Week of Oct. 4, 2007
Eagle firefighter Clayton Forsyth got quite a shock when he and his roommate, Eric Mosher, were in the process of hauling groceries into their Red Canyon Townhomes unit. A small bear suddenly appeared, rushed into the townhome, grabbed a just-purchased steak and started noshing.
Eagle's new Broadway streetscape design was honored by the Colorado Chapter of the American Society of Landscape Architects.
Johnson Kunkel and Associates of Eagle celebrated its 35th anniversary.
Miranda Aragon was crowned queen and Pena Woolsey was crowned king at the Eagle Valley High School Homecoming game.
Week of Oct. 3, 2002
Town of Eagle employees were busily packing up their work stations in preparation for the move to the new town hall building on Broadway. While loading up municipal records, Eagle Town Clerk Marilene Miller took a few minutes to read through the records from May 1905, when the town board from the newly created municipality debated ditch maintenance and dog control.
Colo. Gov. Bill Owens cut the blue ribbon to officially open the Sylvan Lake State Park Visitor Center along West Brush Creek. The park land, once targeted for the Adam's Rib Recreation Area, was purchased through a partnership that included the town of Eagle, Eagle County, the state of Colorado and the U.S. Forest Service.
The EVHS football team dominated Hotchkiss in the 28-0 homecoming game. On the first play, senior J.J. Alvis took a toss up the middle, stiff armed two defense backs and ran 75 yards for a touchdown.
Week of Oct. 8, 1992
A measure to create an independent Eagle Valley Library District was included on the November ballot. Members of the Eagle County Library board said if a measure that included the institution of a 2.75 mill levy passed, new libraries would be built in Eagle and Avon and a branch library would be built in Gypsum. In Eagle, the current library was housed in a former residence located at the corner of Sixth and Capitol streets.
Tom Sutherland, the Colorado State University professor and former hostage who had recently been released after six years of captivity by Islamic Jihad, was the featured speaker at the Colorado Library Association convention at Beaver Creek.
A crowd of 100 people gathered at a spot just north of Stephens Nursery in Dotsero for the official dedication of the trailhead for the Ute Trail. The 50-mile trail marked a network of migratory routes that the Utes used for centuries and extended from Dotsero to Meeker, across the White River Plateau of the Flat Tops.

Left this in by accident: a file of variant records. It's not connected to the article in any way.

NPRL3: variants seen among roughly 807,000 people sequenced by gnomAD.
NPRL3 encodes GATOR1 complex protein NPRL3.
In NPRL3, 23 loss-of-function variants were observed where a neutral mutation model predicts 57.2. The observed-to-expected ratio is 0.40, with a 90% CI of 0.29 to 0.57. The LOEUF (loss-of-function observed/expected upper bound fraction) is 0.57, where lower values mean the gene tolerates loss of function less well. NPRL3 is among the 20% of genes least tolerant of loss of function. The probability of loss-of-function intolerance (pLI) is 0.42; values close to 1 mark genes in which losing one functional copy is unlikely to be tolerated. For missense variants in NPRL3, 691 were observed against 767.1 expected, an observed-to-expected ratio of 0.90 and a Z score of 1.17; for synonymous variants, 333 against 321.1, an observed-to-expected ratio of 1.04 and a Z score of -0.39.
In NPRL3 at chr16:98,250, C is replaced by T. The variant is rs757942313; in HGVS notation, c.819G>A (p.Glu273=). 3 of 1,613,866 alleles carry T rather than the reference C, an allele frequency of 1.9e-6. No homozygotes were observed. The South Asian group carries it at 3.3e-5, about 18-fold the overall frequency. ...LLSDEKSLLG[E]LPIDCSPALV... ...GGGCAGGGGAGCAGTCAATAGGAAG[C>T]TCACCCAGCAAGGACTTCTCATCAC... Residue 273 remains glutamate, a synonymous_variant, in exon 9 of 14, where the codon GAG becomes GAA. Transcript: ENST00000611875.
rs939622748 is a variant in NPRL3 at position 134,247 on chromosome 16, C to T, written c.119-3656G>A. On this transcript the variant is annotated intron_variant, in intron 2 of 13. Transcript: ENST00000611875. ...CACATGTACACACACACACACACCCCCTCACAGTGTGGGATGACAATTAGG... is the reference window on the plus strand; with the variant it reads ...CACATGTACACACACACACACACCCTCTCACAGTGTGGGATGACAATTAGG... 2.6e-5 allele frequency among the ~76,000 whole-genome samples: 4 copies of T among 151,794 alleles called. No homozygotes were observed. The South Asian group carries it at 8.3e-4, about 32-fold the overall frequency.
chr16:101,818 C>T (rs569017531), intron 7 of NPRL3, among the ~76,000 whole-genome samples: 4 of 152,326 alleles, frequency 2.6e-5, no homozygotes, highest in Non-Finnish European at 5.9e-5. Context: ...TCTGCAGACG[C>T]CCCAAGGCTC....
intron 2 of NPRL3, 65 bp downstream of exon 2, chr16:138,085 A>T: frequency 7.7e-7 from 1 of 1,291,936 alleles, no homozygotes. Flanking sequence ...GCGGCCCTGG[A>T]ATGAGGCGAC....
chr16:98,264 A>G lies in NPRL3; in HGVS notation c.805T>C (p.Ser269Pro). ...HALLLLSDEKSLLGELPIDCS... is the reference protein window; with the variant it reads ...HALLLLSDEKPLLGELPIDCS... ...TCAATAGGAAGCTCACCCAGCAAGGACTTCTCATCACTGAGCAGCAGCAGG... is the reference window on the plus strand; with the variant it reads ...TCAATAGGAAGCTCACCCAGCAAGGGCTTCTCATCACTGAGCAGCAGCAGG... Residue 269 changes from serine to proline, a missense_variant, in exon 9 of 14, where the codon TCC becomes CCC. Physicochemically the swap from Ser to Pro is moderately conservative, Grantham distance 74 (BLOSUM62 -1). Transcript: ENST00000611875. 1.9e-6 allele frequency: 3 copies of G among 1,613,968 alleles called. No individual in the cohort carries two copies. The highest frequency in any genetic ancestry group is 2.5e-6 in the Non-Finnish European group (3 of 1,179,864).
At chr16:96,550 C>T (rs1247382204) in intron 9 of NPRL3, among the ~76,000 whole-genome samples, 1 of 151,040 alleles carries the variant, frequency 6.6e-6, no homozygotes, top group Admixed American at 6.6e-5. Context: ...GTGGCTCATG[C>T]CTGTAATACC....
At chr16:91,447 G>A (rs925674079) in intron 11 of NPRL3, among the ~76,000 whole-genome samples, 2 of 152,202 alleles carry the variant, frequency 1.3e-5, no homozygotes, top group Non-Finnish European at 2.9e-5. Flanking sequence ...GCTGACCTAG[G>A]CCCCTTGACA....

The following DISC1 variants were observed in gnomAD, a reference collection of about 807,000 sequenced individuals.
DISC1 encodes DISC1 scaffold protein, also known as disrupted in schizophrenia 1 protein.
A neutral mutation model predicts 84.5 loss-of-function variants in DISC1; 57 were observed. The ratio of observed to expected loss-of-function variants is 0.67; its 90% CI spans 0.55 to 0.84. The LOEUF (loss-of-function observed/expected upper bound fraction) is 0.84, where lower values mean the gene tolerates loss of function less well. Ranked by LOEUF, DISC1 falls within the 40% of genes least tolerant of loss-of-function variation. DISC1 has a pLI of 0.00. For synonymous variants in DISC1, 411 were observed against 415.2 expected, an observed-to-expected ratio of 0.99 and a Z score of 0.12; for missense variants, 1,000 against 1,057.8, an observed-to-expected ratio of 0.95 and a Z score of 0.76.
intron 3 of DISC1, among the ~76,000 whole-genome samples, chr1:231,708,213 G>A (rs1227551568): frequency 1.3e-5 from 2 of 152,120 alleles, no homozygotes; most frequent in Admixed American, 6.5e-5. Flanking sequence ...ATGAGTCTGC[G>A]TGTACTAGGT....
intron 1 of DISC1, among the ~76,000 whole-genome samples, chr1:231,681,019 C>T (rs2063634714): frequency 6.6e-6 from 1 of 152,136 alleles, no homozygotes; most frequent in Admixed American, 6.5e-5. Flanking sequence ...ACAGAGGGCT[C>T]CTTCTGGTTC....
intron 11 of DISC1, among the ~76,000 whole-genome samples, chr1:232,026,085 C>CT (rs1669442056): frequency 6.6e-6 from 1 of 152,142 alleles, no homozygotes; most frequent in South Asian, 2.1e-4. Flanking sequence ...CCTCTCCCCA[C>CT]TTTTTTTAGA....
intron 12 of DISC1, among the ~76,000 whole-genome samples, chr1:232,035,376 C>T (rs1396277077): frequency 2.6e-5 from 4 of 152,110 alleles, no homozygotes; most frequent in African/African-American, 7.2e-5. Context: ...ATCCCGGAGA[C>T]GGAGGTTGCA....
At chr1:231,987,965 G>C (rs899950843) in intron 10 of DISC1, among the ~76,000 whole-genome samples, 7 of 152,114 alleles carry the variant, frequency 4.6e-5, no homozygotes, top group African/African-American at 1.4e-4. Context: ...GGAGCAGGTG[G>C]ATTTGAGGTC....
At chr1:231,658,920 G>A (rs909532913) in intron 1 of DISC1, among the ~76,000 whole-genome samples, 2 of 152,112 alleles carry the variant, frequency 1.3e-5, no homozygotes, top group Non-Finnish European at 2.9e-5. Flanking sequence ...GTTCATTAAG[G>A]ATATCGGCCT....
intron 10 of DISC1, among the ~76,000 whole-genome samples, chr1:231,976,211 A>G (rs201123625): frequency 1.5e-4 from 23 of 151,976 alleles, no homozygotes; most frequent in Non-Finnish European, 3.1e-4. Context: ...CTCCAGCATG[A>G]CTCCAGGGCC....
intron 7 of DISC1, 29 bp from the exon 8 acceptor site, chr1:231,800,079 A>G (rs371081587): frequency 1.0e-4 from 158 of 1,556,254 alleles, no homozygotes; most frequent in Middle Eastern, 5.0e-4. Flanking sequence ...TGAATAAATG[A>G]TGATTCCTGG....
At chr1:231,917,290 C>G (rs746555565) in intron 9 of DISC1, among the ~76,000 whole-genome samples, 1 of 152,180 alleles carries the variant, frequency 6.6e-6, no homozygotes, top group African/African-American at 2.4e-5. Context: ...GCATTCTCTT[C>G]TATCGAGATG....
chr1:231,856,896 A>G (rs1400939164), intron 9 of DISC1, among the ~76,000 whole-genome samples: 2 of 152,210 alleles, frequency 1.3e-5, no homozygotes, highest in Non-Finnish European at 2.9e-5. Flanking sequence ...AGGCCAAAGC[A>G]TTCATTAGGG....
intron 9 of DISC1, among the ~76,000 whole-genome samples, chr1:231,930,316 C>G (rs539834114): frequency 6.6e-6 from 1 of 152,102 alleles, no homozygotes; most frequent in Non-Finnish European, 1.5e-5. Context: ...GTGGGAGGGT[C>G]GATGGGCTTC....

Week of Oct. 7, 1982
Dan Kneale took over duties as Eagle's new police chief. He was one half of the town's entire police force and one of his first duties was to hire a second police officer.
HBE Corp., the parent company of the proposed Adam's Rib Recreation Area, announced plans to purchase the 52-acre Mill Park subdivision located just east of the Eagle town limits.
An Eagle-Vail man was arrested on charges of felony mischief after he slashed the Beaver Creek base camp bubble, causing it to collapse. Damages were estimated at $1,500.
Tom Harned opened Black Bear Real Estate Company with his office located in Gypsum.
The Vail Business and Professional Women's Club hosted a women's mud wrestling event to benefit the club's scholarship fund.
Week of Oct. 5, 1972
After 55 years of operation by members of the Reynolds and McCain families, the Eagle Valley Enterprise was sold to Westminster residents James R. Stitt and Wilbur E. Flachman. Stitt headed the law firm of Stiff, Wittenbrink and Roan in Denver. Flachman owned North Suburban Printing Services.
The Colorado Division of Highways announced plans to lay off 71 workers at the end of October. Cuts in federal funding necessitated the action.
Lisa Shelton of Eagle and Dewain Burton of Dotsero announced their engagement.
Kathy Chandler was installed as Worthy Advisor of the Eagle Rainbow Assembly.
Week of Oct. 4, 1962
"A company identified only as the Eagle County Development Corp. is on public record as having purchased land on Gore Creek from Gus and Nick Kiahtipes. Amount of sale - $25,000," the Enterprise reported.
In her Around Town column, Enterprise editor and publisher Marilla McCain noted, "An independent group of voters apparently doesn't agree with the two political parties' choices for sheriff candidates and are working up a write-in campaign to put their own candidate on the ballot and in office."
Republican candidate for Colorado governor John Love planned a campaign stop in Eagle.
The featured movie at the Eagle Theater was "Follow that Dream" starring Elvis Presley.
Week of Oct. 2, 1952
A proposal to bring the "controversial" Loveland Tunnel plan under the jurisdiction of the Moffat Tunnel Commission was front-page news. The Enterprise said such a move would "take the construction out of the hands of the state highway department, which has opposed any plan for Loveland tunnel construction."
The Eagle Boy Scout troop earned an "easy" $6 by collecting three bushels of spruce pine cones.
Both the Eagle and Minturn theaters were presenting "official pictures" of the Marciano/Walcott heavyweight championship boxing match.
Week of Oct. 2, 1942
"Everything will probably be rationed" read a front-page Enterprise headline. The newspaper noted that all-purpose ration books had already been printed for nationwide distribution, anticipated some time before Christmas.
Twenty-two Eagle County men received draft notices and were instructed to report for service on Oct. 12. The group included John D. Baxter of Gypsum and Livingstone "Wiss" Toomer of Burns.
Elizabeth Pellet was the Democratic candidate for western Colorado's U.S. Representative. Her campaign ads described Pellet as "A Woman with a Fighting Heart."
The Independent Lumber Company's ad urged readers to "Wake up to the seriousness of this scrap business. Half of the metal in every ship, every tank and every gun is from scrap. Throw your scrap into the fight!"